By Dr Sharon Hakkennes, senior director analyst at Gartner
In mid-January this year, a coalition of large technology and health companies launched the Vaccine Credential Initiative to create a system for storing and retrieving digital records of vaccinations. In the same time frame, the World Health Organisation (WHO) launched a digital health working group to develop a framework and standards for a smart digital vaccine certificate for yellow fever and COVID-19, paving the way to add other vaccines later.
High-profile efforts like these increase the potential that vaccine passports will become a reality, even as important questions remain, including the technology that will be used, the source and verification of data, and definitions of immunity among them.
Uncertainties of vaccine passports
There are a number of obstacles standing in the way of wide-scale adoption of vaccine passports. Private and public sector organisations must understand the pitfalls, as well as the promise, so they can plan policies if they become a reality.
Key questions that stakeholders, including policymakers, are looking to answer include:
• Standardisation – Who will set the standards? Will there be multiple standards worldwide? How is immunity defined?
• Use – How will the certificates be used? For travel? Work? Entertainment? Will the uses pass legal scrutiny?
• Acceptance – Who will accept certificates? If there are multiple certificates, will some be accepted more widely than others?
• Buy-in – Will people use the certificates? Will certificates have the support of governments?
• Equity – Can people access and manage their digital information? Will certificates create social stigmas or exacerbate the digital divide?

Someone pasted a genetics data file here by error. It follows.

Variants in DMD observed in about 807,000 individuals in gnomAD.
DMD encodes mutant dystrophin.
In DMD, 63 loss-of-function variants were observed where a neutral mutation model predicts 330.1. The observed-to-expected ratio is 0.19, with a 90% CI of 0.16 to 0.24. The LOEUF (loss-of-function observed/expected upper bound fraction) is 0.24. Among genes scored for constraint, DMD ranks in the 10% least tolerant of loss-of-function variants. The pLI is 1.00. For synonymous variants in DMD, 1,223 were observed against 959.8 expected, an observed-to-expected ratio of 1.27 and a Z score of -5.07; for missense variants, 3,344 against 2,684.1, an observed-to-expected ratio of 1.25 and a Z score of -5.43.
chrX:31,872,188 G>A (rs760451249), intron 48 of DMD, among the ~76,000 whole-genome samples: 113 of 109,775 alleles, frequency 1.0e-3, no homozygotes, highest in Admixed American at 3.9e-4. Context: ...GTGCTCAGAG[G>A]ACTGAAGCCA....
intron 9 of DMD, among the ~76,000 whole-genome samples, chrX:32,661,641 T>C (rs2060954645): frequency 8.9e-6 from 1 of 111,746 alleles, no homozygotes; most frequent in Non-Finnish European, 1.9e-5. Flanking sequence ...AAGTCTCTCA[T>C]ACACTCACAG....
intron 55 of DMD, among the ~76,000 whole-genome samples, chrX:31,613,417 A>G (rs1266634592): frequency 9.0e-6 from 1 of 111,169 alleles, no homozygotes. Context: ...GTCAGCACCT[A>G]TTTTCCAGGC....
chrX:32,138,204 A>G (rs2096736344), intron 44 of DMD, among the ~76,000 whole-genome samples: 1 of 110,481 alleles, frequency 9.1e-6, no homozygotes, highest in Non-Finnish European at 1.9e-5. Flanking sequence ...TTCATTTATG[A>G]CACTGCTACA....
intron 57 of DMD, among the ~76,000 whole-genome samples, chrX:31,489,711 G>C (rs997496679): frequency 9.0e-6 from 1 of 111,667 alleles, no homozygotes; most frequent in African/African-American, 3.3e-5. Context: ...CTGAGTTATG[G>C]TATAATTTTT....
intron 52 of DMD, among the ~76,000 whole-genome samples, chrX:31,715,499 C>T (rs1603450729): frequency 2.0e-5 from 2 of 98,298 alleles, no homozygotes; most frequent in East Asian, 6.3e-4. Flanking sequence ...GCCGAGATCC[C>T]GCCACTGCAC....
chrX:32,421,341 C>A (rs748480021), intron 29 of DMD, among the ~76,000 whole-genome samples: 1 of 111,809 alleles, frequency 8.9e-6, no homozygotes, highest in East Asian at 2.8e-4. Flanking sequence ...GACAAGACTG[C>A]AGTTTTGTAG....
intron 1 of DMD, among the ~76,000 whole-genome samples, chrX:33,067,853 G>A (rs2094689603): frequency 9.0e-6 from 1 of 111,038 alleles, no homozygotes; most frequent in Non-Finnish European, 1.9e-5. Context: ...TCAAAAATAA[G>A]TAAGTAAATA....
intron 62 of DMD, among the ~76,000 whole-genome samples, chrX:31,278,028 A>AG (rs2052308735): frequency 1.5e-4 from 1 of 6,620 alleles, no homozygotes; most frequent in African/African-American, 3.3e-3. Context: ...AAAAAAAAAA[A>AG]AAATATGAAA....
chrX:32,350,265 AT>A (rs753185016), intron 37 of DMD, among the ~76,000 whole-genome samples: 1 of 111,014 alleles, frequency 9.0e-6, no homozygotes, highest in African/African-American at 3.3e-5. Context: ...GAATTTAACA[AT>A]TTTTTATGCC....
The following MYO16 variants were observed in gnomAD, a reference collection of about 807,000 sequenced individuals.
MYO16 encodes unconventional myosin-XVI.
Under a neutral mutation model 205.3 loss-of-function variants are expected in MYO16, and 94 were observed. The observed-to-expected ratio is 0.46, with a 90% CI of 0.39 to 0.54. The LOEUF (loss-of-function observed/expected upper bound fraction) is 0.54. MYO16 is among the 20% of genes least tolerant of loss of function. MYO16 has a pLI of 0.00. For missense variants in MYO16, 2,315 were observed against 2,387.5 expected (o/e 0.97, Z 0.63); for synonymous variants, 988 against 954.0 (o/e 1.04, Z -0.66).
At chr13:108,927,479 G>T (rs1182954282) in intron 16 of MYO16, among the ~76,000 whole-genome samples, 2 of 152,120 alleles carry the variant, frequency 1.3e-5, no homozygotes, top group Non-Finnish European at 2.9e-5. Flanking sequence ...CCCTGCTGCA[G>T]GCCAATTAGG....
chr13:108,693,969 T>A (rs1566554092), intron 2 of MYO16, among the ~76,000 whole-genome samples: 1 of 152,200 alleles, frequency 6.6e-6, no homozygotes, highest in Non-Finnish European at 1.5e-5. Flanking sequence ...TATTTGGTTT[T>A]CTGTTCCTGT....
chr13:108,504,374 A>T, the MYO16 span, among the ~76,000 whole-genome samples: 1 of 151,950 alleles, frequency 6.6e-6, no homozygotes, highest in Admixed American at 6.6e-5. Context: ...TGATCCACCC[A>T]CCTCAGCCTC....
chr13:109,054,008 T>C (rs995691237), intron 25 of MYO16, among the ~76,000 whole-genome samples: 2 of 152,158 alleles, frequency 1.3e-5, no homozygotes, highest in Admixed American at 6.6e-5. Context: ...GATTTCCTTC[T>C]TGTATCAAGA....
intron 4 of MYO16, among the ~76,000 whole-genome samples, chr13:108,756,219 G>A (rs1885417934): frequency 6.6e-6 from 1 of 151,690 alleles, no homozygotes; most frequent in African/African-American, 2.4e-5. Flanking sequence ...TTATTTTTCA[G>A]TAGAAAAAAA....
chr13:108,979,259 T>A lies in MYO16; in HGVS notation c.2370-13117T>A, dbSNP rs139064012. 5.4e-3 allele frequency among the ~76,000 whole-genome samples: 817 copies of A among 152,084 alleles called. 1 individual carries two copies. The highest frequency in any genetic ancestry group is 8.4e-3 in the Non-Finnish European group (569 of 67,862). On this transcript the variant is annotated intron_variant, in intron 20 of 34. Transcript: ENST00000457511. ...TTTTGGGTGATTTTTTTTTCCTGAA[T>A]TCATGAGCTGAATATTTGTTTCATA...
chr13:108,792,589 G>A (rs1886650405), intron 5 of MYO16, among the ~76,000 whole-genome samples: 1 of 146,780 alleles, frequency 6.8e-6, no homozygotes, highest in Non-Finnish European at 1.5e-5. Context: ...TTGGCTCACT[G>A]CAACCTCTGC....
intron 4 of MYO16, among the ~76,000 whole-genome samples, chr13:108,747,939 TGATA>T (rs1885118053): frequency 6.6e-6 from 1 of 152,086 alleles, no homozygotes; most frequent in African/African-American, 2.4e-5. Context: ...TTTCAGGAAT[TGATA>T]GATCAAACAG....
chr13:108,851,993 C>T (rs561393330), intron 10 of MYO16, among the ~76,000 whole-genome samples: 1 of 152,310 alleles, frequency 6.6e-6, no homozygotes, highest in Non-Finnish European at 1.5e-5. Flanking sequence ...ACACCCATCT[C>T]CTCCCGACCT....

• Governance – Who will oversee the systems and data? How will privacy be protected? How will forgery be identified and combatted?
• Usefulness – Will certificates go out-of-date if vaccines don’t provide long-term immunity? Will certificates need immunity information for multiple strains? Will different groups exhibit different levels of vaccine effectiveness?
• Verification – How will people with immunity be verified? Who will have access to immunisation records? How will that data be confirmed as accurate?
• Infrastructure – Can existing systems handle the data and security needs of digital certificates? Can these systems be integrated and offer interoperability?
• Unintended consequences – Will digital certificates create greater distrust of vaccines? Will it create extra steps for vaccination? Will people be incentivised to get infected to get a certificate?
What society needs to achieve wide-scale use
For a digital vaccine passport solution to work, it must achieve wide scale end-user adoption. Given the above challenges, organisations considering using vaccine passports must buy in to governance frameworks that allow for the acquisition, equity, verification and sharing of immunisation data.
At a high-level, a digital vaccine passport must enable consent-based COVID-19 vaccination records to be accessed in a secure, verifiable and privacy preserving way. It must work across organisational and jurisdictional boundaries. It must also be built on international standards and in a secure, decentralised infrastructure. Data standardisation, in terms of what data is acquired, how it’s formatted and exchanged, is critical.
While many questions remain about vaccine passports, the outlook appears promising. Data-driven applications have already provided significant aid in addressing the pressing, global scenarios spurred by the pandemic. Investigating this technology in the near-term will inform the plans and strategies of public and private sector organisations – positioning them to stand prepared to leverage this solution in returning to normal.